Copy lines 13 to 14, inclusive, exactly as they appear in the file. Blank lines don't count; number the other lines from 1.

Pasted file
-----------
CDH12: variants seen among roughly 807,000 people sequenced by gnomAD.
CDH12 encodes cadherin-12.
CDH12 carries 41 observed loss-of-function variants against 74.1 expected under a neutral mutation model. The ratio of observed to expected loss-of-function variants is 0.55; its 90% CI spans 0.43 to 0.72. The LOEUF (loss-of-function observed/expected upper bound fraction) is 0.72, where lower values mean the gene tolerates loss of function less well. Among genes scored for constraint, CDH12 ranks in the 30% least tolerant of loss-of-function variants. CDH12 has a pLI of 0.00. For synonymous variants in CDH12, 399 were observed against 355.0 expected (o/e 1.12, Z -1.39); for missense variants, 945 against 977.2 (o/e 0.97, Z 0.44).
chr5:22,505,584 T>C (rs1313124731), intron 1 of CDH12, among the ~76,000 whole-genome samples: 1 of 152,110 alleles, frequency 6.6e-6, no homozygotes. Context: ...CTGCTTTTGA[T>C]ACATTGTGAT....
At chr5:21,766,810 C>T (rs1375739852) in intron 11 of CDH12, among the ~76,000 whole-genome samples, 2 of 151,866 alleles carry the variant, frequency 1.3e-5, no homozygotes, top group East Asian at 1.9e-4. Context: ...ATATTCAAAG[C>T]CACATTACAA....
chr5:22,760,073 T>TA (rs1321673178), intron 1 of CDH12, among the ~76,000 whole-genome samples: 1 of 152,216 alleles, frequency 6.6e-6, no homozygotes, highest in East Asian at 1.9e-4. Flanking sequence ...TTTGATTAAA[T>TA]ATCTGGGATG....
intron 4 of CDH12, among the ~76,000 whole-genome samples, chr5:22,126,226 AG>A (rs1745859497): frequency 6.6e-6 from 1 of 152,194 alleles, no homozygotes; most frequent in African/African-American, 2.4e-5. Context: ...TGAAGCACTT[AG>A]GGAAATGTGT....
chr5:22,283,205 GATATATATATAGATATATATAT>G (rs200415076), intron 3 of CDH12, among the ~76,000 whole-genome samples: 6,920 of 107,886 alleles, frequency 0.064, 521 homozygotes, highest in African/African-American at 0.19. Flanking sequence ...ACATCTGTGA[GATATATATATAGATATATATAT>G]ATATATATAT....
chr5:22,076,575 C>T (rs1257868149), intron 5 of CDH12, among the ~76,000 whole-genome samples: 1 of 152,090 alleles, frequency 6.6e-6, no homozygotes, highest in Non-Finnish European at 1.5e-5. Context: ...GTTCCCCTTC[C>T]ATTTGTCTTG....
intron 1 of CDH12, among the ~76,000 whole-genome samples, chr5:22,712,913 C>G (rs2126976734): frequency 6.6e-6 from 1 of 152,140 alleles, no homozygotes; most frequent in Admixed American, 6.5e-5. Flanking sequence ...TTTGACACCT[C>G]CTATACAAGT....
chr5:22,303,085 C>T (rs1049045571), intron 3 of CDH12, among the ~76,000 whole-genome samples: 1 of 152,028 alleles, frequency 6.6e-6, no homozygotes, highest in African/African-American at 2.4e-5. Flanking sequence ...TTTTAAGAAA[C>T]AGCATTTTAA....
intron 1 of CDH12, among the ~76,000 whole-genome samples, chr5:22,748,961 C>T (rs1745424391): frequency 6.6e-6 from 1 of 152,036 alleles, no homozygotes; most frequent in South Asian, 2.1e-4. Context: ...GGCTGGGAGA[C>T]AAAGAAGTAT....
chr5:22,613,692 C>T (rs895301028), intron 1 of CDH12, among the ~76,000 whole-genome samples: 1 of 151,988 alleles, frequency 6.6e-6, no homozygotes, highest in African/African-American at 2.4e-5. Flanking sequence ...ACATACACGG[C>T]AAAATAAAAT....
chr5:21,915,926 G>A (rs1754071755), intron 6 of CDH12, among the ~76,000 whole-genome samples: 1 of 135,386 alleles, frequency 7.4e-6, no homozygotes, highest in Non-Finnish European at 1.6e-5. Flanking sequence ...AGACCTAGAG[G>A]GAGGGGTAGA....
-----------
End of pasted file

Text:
chr5:22,613,692 C>T (rs895301028), intron 1 of CDH12, among the ~76,000 whole-genome samples: 1 of 151,988 alleles, frequency 6.6e-6, no homozygotes, highest in African/African-American at 2.4e-5. Flanking sequence ...ACATACACGG[C>T]AAAATAAAAT....
chr5:21,915,926 G>A (rs1754071755), intron 6 of CDH12, among the ~76,000 whole-genome samples: 1 of 135,386 alleles, frequency 7.4e-6, no homozygotes, highest in Non-Finnish European at 1.6e-5. Flanking sequence ...AGACCTAGAG[G>A]GAGGGGTAGA....